The trouble with heat stroke in pets is not the diagnosis...any fool with a thermometer has a good chance of getting the diagnosis correct...the problem is keeping the patient alive. In this sense, heat stroke is similar to being shot with an arrow.
The trouble with this disease is that all kinds of terrible things happen inside the body when the internal body temperature rises over 4 degrees above normal. (Normal body temperature for both cats and dogs ranges from 100-102 degrees F)
Here's some of the deadly things that happen when the body over heats:
- The Blood Clots and causes embolisms
- Micro-organisms and toxins from the intestinal system are absorbed into the
- Cells die leading to all sorts of inflammatory reactions by the body
- And if that isn't enough...all kinds of other biochemical stuff goes haywire
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Saving a pet from heat stroke requires intensive care to prevent permanent organ damage
You might find this interesting: I don't discuss large animal medicine much on this site, but heat stroke is a major cause of GI disturbance and death in sheep ... especially if chased by a dog ... which is why farmers get so upset when loose dogs get in their sheep pens or pastures. It's also why it's so important when herding sheep in the stock yards, into trucks, or through treatment chutes not to get them "over worked".
What To Expect When You Go To The Vet:
(Of course, other vets may do things differently)
EXAM: We notice a prostrated patient breathing a million miles an hour and we take it's temperature. Very High. Like I said, this part is a "no brainer". We go right to treatment:
Wet down with water and/or alcohol. It's best not to use ice cold water; it may be too big a shock to the body.
High dose Dexamethasone Injection to stabilize capillaries and minimize reactions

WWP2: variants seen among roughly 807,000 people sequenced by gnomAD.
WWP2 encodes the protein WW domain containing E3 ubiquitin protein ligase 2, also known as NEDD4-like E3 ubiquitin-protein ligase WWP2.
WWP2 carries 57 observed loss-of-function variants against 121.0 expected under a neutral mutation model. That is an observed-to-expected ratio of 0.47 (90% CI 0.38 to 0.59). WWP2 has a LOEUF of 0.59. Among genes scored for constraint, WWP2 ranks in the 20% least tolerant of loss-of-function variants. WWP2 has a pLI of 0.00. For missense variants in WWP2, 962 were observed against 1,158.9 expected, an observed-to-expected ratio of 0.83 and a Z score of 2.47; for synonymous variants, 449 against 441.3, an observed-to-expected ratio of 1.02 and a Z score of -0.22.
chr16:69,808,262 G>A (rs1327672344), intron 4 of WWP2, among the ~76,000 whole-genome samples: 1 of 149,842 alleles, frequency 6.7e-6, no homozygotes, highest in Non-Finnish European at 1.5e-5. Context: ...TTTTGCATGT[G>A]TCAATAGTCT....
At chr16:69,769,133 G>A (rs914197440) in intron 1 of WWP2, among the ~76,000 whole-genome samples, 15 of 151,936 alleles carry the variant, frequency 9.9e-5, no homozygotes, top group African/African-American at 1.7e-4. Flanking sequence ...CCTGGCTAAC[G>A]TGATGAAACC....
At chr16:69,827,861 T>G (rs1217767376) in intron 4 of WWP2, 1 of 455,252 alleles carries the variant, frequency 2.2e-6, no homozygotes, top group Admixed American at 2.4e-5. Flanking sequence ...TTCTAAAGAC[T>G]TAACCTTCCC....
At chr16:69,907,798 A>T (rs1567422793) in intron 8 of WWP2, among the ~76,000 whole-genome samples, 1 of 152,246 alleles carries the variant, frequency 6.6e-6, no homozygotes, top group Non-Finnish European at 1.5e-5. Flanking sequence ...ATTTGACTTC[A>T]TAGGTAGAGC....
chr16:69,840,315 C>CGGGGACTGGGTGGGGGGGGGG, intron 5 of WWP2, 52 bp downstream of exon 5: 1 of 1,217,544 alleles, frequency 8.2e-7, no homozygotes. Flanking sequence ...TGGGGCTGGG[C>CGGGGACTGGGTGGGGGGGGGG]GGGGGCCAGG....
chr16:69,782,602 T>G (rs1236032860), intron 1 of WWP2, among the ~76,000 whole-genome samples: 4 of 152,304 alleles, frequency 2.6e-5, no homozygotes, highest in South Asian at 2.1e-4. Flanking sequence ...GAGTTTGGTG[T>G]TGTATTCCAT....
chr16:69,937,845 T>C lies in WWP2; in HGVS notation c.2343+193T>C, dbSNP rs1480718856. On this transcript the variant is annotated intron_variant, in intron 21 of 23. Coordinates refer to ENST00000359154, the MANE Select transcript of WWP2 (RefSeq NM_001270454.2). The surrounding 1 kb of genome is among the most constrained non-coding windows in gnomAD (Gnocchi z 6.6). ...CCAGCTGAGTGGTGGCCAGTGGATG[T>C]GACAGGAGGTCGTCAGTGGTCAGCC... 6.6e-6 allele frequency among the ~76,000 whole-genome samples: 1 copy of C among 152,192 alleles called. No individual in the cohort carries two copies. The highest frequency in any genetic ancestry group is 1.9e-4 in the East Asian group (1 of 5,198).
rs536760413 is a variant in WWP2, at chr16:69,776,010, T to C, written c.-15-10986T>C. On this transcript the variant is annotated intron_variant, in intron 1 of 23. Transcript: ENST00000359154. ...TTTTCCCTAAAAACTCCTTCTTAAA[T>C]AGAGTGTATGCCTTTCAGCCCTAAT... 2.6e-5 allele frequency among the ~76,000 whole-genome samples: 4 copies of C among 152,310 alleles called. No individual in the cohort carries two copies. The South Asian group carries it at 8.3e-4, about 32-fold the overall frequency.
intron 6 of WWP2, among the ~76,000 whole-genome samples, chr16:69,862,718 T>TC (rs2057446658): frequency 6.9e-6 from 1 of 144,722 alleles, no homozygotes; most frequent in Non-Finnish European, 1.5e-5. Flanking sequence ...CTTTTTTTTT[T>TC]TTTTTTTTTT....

Start Antibiotic Injections as a prophylactic for infections
IV Fluids (This is the most Important Step of all)
B Vitamin injections
Oxygen therapy (this is another critical step that greatly improves the odds of success)
Consider AntiSerum IV to minimize the effect of endotoxins absorbed from the gut
Consider Oxyglobin to greatly increase tissue perfusion (very expensive)
Antihistamines to counter some of the histamine related reactions that take place when over heated
Hospitalize, monitor, and continue I.V. Fluids until all better.
Usually these cases are quickly resolved...one way or the other.
Antibiotics to fight and prevent infections associated with intestinal leakage of bacteria
Antioxidants to minimize free radical damage
Prednisone or other short term steroids for a few days to minimize inflammation and protect the CNS
Supplemental supportive care to maybe include vitamins, CoEnzyme Q 10 to promote tissue perfusion, probiotics, or other treatments helpful in stabilizing the GI system.
A high calorie recovery diet may be recommended. I also like to recommend Chicken Soup or other electrolyte source.
Buffered Aspirin to reduce blood clotting, DIC
Some cases aren't serious enough to warrant all of the above and that's great, but it's a fairly common misconception that all you have to do is "hose em down with water".
"Hosing down with water" is the First Aid treatment for heat stroke and is very helpful, but is not nearly enough if your pet is in the advanced stages of the disease.
And I'm sure you've heard the stories...in the right conditions...especially inside parked cars...it doesn't take long for a pet to die from over heating.
Learn to recognize
of heat stroke:
- body temp over 104F
- extreme panting
- high heart rate
- lots of salivation
- unable to stand
- gums that are either pale, brick red, purple, or blue